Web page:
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ERIC Number: EJ847049
Record Type: Journal
Publication Date: 2005
Pages: 4
Abstractor: ERIC
Reference Count: 23
ISBN: N/A
ISSN: ISSN-1536-7509
From the National Academies: Ongoing Challenges to Evolution Education--Resources and Activities of the National Academies
Labov, Jay B.
Cell Biology Education, v4 n4 p269-272 Win 2005
The problem of misconceptions about science is not unique to evolution, of course. In the case of evolution, the problem is compounded because many students have been told that their personal belief systems will be challenged or undermined by engaging in learning about this subject. This concern underlies the angst and anger that some parents, members of school boards, and state legislators express when students are not exposed to purported "controversies" or "weaknesses" in the theory of evolution that are being touted by the Discovery Institute (the leading organization promoting intelligent design). In response to this worry, they are taking a variety of actions in increasing numbers of school districts and states to change the ways that evolution is taught. Currently there is little consensus within the scientific community about how to confront these challenges effectively. Responses by scientific societies and others are typically reactive to the latest provocation rather than proactive. Individual scientists and professional societies publish a litany of position papers decrying every new challenge, but rarely are there collective, coordinated statements from scientific organizations. In contrast, messages from proponents of intelligent design present a unified front, are clear and simple to remember and resonate with a large number of people. However, the situation is beginning to change as scientific organizations realize that providing the public with easy-to-understand information and direct messages is critically important. This article describes the steps the National Academies has taken since its last article to address this issue (Alberts and Labov, 2004) and what it is planning for the future, both as an organization and in collaboration with other scientific organizations. (Contains 8 footnotes.)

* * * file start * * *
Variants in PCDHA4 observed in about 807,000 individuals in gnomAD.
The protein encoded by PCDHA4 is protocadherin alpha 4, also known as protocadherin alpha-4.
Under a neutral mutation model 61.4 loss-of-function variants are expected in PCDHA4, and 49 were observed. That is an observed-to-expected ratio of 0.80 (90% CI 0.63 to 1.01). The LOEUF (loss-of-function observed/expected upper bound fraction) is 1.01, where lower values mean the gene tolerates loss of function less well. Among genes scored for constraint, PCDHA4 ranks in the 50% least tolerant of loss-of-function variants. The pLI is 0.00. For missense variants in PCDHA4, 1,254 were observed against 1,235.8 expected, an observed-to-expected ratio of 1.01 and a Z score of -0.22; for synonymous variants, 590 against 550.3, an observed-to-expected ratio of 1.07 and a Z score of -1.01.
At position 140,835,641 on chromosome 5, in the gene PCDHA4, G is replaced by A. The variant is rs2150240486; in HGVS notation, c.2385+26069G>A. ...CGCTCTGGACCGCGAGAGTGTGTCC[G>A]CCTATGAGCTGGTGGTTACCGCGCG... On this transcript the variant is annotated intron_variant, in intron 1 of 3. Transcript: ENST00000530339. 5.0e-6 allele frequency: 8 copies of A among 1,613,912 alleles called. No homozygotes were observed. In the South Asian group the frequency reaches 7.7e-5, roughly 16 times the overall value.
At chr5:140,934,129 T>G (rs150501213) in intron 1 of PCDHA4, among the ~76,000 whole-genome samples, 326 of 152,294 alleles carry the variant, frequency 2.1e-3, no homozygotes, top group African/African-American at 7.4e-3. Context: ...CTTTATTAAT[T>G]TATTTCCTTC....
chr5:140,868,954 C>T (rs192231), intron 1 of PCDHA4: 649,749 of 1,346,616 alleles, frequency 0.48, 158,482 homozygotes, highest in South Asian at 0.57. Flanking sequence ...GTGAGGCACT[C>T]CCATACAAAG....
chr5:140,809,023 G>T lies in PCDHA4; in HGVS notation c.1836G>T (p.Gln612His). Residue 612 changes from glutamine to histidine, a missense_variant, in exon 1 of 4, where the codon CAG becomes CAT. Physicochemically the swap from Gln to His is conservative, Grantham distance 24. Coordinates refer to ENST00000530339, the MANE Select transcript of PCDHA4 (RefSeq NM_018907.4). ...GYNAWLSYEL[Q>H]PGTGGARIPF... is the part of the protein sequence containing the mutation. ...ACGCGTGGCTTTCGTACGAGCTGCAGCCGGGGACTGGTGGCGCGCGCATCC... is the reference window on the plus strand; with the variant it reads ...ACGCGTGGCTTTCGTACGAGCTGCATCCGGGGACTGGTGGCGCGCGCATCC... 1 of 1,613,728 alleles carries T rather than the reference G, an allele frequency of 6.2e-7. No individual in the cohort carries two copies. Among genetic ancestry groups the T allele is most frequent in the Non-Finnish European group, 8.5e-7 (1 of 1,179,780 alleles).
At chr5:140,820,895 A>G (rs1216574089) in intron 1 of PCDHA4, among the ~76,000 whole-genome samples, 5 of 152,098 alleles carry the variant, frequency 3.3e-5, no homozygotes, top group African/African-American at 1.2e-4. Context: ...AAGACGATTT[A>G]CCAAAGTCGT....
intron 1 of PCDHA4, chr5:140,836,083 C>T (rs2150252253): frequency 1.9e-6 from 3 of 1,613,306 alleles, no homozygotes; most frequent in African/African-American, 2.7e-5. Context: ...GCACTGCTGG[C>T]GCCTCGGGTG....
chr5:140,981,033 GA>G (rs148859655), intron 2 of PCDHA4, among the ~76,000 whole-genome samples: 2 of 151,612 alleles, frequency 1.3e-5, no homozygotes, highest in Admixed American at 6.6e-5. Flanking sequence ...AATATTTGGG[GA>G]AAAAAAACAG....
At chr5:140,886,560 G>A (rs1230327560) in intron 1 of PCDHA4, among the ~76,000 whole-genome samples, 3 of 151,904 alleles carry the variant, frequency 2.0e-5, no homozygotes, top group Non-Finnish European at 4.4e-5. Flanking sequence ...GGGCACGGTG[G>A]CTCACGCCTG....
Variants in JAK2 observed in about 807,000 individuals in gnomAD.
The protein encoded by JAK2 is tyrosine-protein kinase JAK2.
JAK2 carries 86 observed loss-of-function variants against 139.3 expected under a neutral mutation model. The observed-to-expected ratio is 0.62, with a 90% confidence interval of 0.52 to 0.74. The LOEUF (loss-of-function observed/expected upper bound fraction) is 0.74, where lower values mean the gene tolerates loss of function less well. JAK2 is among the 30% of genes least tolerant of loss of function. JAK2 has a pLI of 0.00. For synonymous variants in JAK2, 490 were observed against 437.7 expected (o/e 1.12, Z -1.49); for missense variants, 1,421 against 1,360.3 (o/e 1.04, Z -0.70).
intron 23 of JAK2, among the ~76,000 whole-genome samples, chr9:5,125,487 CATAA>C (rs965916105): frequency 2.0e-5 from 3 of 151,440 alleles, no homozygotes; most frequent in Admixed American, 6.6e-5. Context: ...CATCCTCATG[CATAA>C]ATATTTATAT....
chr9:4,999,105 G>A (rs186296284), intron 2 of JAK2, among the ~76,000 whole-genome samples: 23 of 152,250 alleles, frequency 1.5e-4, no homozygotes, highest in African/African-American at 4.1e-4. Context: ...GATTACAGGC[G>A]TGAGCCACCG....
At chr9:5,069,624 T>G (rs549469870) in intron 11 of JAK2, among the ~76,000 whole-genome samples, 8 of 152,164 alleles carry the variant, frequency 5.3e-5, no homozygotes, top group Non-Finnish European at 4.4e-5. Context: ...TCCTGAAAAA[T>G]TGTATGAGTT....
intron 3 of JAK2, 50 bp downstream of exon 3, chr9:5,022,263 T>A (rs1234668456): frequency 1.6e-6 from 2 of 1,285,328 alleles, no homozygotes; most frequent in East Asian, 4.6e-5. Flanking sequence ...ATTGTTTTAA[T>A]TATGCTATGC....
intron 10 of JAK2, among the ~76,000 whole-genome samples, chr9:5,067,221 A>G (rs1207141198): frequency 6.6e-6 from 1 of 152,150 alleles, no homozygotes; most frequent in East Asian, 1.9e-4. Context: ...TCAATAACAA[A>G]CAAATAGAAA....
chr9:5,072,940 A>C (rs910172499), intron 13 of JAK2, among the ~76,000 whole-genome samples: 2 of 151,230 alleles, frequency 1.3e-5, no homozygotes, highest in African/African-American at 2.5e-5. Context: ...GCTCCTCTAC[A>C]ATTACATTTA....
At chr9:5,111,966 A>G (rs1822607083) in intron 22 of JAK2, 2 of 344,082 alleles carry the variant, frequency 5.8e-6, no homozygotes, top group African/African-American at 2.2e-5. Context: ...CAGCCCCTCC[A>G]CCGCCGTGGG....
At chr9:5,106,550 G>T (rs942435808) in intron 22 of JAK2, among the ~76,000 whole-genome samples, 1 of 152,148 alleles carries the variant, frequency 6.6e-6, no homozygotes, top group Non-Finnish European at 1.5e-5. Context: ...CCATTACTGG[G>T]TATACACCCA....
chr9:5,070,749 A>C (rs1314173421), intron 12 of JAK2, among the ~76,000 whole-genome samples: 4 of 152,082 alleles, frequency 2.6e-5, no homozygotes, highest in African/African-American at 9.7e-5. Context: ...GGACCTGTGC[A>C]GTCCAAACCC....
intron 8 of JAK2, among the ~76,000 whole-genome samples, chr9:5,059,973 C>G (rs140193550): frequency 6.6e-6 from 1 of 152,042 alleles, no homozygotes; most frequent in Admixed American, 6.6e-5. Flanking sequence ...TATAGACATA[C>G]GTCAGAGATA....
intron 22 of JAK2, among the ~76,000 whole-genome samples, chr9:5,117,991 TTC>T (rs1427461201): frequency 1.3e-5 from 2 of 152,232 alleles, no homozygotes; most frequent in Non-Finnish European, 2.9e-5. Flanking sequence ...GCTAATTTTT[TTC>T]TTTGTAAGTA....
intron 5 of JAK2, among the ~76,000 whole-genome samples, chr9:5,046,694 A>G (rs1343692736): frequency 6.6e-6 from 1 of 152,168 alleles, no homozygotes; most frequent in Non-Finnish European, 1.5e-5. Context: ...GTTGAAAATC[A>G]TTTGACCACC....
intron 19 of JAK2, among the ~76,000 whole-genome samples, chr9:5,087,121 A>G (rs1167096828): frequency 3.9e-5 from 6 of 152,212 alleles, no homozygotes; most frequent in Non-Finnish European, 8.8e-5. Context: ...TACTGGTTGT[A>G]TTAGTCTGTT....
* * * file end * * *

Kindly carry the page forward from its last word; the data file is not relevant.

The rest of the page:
American Society for Cell Biology. 8120 Woodmont Avenue Suite 750, Bethesda, MD 20814-2762. Tel: 301-347-9300; Fax: 301-347-9310; E-mail: ascbinfo@ascb.org; Website: http://www.ascb.org
Publication Type: Journal Articles; Reports - Descriptive
Education Level: Elementary Secondary Education; Postsecondary Education
Audience: N/A
Language: English
Sponsor: N/A
Authoring Institution: N/A